• Users drive a new NVS Boater App update!:  In response to user requests, NANOOS is proud to release an important update to the NVS Boaters app, which now includes the ability to query multiple variables (e.g. primary and secondary waves and periods, wave direction, wind and ocean related data), for any given location and now defined for many different overlays. This capability was originally released in May 2018 as part of the NVS Seacast app for a limited suite of variables and is now being expanded to include more overlays and within more of our NVS web apps. This is a powerful capability that allows users to gain a better understanding of site specific oceanographic or climate conditions, which may be used to make informed decisions about marine conditions. NANOOS services continue to improve from our users.

Congressional:

  • No update.

Communications/Outreach/Education:

Upcoming Meetings with IOOS Participation:

  • NANOOS Annual Meeting, August 1-2, 2019, Vancouver, WA: The NANOOS Governing Council, Members, and PI meeting will be held August 1st at the University of Washington - Vancouver. The agenda will include program coordination talks, committee reports, and a roundtable discussion on priorities over the next 5 years. IOOS Deputy Director, Krisa Arzayus will attend on behalf of the IOOS Program Office. For more info, contact Paul Rudell prudell@uw.edu.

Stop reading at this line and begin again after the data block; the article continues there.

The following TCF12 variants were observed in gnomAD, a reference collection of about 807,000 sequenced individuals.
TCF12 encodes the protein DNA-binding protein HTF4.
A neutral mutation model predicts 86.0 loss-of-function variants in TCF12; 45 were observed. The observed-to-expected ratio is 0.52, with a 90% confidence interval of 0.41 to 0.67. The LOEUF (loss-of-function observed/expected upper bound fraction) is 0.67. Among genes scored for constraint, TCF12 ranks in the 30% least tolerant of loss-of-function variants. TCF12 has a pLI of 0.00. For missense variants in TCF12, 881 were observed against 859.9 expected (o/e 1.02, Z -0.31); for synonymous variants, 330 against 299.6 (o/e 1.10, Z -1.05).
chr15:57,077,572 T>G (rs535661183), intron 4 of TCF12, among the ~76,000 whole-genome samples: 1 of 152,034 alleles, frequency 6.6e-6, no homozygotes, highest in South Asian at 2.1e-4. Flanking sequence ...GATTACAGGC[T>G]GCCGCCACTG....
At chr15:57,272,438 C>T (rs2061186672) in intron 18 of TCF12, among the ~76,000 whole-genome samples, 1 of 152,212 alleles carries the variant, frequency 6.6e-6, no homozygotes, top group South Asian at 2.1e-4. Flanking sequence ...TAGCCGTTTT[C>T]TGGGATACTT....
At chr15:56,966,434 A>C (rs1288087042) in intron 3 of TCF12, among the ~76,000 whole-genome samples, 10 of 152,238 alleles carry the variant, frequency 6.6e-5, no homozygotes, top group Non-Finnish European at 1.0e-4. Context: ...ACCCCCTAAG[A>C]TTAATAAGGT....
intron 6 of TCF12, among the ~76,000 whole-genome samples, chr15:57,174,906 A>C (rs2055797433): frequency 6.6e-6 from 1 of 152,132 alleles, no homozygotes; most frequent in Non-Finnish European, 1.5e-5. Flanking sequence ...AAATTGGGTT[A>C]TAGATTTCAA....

• OceanObs’19, 16–20 September 2019, Honolulu, HI: The OceanObs19 conference planning is well underway! The conference will take place September 16-20 in Honolulu, Hawaii.  Check out the conference website for more details: http://www.oceanobs19.net/ 
  • MTS/IEEE OCEANS 2019 - Seattle, WA - Oct 27-31, 2019: OCEANS is the bi-annual event for global marine technologists, engineers, students, government officials, lawyers, and advocates. These industry thought leaders gather for four days to highlight relevant topics and current trends, while creating a community of learners and influencers who consistently advance research, practices, and policies for the marine field. The Marine Technology Society and the IEEE Oceanic Engineering Society partner to present OCEANS, and this prestigious conference and exhibition draws an audience of more than 2,000 attendees. For more info: https://seattle19.oceansconference.org/